Monday, 6 December 2010

Wellies and slippers

At this time of year, living in the country, my feet are either in wellies or slippers. I am fully aware that some people rarely wear either, which I find hard to comprehend; they must only walk on clean pavements and have very warm houses.

My slippers are especially stupendous being the pink ‘Bo’ pair from They were last year’s Christmas present from my beloved and have survived the washing machine twice. What makes them especially useful is that because they have rubber soles, I can wear them on the vegetable patch when I need to dash out to pull a leek or do a spot of driving and dropping off of teenage daughter.

I realise that neither of these items of footwear are remotely cool or sophisticated, although my eldest daughter has a photo of Kate Moss, at Glastonbury, looking both in her wellies (she was looking particularly naffed-off with my daughter incidentally), but I am psychologically and emotionally attached to both pairs. Wearing them is quite ‘self nuturing’. Wellies enable me to go anywhere (along the coastpath, through snow drifts, muddy fields and streams) and slippers mean once they are on my feet I am truly home. Perhaps it has something to do with the fact I have been wearing wellies and slippers since toddlerhood (woolly tights and cardigans have a similar effect on me). Wilf is delighted by both pairs; wellies mean walks and slippers either smell wonderful or he just enjoys seeing my searching for the one he has stolen.

When I used to read the News for Bath FM, I often had to do a Saturday shift on my own (well with the DJ too). Slippers on my feet meant that the 6am bulletin was slightly more bearable and I could almost convince myself that it was a day off.  Similarly, the fact I always had wellies in the boot of my car meant I was able to clamber across field gates and get to the scene of a farm fire and interview the fire-officers way before the BBC got there!

 I am fully aware that women all over the British Isles love shoes; they collect them. They all look impossible to walk in and desperately painful but I am in awe of their grace as they totter about. The last time I wore anything remotely glamorous was to a party, however this was in a marquee in a field. Before I could greet my hosts I was wiping my heels with tufts of grass and looking longingly at someone else dancing in a shift dress with wellies.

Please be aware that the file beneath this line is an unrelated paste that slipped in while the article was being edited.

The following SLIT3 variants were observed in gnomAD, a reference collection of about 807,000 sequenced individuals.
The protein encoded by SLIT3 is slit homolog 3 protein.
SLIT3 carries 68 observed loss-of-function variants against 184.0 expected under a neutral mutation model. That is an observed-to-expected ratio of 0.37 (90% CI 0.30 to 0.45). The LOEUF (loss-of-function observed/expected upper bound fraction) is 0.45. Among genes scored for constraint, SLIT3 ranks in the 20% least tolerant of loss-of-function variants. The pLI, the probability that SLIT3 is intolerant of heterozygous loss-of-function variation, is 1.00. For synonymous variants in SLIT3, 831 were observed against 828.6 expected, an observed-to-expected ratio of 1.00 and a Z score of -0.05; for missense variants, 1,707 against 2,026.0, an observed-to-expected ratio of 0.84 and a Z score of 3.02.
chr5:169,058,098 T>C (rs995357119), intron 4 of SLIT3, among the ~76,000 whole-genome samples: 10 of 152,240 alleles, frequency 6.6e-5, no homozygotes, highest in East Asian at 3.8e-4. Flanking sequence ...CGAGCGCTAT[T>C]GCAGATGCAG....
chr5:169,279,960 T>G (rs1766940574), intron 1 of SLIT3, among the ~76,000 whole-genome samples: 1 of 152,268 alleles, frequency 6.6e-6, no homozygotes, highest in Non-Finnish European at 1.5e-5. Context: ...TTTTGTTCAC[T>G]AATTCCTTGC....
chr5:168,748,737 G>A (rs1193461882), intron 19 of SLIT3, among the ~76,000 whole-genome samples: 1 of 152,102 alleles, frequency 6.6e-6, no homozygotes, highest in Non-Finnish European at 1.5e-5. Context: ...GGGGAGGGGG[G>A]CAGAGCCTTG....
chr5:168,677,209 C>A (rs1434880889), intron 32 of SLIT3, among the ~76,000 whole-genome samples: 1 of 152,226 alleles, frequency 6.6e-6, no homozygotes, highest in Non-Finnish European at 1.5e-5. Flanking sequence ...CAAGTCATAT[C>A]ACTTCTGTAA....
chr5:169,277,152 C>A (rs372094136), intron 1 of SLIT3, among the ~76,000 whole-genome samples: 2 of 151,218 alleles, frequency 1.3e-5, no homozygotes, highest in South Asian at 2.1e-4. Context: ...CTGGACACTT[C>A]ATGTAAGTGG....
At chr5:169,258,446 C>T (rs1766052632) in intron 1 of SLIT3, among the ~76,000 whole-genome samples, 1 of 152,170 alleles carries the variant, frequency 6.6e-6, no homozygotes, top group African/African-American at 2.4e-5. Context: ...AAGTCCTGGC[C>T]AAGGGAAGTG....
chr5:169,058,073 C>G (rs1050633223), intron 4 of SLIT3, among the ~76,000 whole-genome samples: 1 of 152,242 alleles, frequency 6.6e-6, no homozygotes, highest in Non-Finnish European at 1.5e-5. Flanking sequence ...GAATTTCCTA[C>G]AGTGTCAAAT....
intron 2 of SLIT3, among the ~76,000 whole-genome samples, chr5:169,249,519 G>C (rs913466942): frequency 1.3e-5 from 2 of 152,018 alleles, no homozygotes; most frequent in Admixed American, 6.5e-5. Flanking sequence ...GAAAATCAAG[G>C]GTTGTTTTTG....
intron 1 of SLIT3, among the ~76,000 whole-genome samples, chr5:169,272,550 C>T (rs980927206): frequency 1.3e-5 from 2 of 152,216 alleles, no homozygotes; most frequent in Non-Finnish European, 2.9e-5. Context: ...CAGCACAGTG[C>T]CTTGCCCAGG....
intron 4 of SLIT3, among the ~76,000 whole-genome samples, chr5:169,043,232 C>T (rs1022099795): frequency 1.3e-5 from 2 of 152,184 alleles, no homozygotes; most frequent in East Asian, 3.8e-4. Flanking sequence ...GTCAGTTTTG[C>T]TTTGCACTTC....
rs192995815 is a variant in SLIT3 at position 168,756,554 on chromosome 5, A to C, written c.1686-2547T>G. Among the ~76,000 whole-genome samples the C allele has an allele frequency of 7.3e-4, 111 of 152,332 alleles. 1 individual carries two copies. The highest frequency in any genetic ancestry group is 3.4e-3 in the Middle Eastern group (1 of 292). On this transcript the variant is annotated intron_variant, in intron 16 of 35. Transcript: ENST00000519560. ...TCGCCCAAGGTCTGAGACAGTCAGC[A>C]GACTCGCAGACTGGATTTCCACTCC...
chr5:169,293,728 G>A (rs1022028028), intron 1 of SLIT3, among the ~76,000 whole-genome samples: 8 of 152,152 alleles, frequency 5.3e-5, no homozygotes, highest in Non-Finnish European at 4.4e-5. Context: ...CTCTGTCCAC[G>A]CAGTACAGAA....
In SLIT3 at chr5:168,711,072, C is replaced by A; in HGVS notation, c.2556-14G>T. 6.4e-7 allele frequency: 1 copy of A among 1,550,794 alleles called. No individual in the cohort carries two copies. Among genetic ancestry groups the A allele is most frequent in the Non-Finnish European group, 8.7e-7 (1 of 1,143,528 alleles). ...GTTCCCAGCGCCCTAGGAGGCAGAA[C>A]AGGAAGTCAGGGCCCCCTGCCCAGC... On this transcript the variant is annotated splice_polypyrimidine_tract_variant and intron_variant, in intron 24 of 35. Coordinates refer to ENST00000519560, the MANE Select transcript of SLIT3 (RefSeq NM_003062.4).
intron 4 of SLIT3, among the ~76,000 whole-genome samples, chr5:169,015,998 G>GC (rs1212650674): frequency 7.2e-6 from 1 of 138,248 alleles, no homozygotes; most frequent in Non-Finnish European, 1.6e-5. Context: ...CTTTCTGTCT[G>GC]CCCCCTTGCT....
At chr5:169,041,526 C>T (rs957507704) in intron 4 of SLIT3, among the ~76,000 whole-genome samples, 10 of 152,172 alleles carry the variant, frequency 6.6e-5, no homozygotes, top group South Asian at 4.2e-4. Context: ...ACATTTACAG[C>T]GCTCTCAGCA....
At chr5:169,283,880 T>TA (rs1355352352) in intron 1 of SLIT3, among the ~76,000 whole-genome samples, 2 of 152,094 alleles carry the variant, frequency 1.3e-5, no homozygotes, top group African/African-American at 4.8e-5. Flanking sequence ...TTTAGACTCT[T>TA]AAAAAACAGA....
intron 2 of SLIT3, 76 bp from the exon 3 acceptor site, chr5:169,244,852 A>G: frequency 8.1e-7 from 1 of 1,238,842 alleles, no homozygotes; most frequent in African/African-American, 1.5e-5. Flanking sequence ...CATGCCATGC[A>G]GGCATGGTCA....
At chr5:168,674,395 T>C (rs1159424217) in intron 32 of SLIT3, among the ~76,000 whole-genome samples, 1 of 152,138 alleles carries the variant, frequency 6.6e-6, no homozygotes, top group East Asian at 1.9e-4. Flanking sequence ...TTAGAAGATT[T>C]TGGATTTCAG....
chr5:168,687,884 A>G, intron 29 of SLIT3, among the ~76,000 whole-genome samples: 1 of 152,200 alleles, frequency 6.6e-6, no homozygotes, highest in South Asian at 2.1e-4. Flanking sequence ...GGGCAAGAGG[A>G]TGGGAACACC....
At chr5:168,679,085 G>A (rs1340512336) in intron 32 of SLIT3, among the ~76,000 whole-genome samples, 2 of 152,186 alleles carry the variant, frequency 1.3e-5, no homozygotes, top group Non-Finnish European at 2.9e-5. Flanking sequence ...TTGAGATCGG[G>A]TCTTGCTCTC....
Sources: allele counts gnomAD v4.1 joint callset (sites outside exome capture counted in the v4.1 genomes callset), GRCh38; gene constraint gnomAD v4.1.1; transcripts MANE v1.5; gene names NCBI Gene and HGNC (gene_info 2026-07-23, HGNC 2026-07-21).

This reminds me, you can now buy white wellies for brides, for when they go stomping across the grass or beach for photoshoots. I think that is quite a positive indication of a bride’s character – it means she is prepared for better and worse.

I am intrigued if anyone else has similar attachments to items of clothing?

Thursday, 2 December 2010

Something and nothing

For those who have been eager to know the outcome of the abandoned car in the village, it was a bit of 'something and nothing' I'm afraid. I am reliably informed that the driver was spotted driving away, but we don't know who they were as the eye-witness, behind the post office counter, was serving a customer at the time.  They weren't 'local' (which was said with a slight sniff) and all that was seen was a mysterious shoulder.

It rather reminds me of another 'something and nothing' time when the burglar alarm in the post office went off in the early hours of the morning. I jumped out of bed in order to spy on the dastardly culprits from behind a crack in the curtain (I could see myself being quoted on Crimewatch) only to watch a completely deserted lane and then the alarm stopped. Apparently, it was a large spider that triggered the alarm off!

The whole village is turning out for  bit of 'something and nothing' tomorrow evening. We all gather for the Christmas tree lights to be turned on. The sea scouts are selling hotdogs, the hardware store offers free sausage rolls and mince pies (next to the bird food and pet food) someone heats up the mulled wine and we sort of warble a few carols along with the brass band. The smithy fires up his furnace and the potter and printmaker open their doors. The main excitement is that Cornwall's very own Father Christmas lives in the village (in a bungalow). He looks and sounds exactly like Captain Birdseye and each year grooms his super white beard and does the whole 'ho, ho' act.

I am just a little sad that this is the first year that I have no children (grown-up ones even) to share in general lighting-up jollity. The pull of a free ticket to see Pixie Lott in Plymouth is rather stronger than Father Christmas. Oh well, we have our twinkle lights ready on the tree outside the cottage and the Parish Church has set up the stable scene on the green next to us (Wilf will have to wee somewhere else for a month). I daresay we will squeeze into the Red Lion and strike up a chat and join in the banter.

My Christmas tree this year is a branch from Sancreed (from my three weeks on the moor). A farmer was cutting down a dangerous overhang, in the wind, so I stuffed a bit into the Landrover. It has lots of lovely lichen on it and with some lights and creative sparkly things will satisfy my 'child within'. If it was in an art gallery I would entitle it a 'bit of something and nothing'.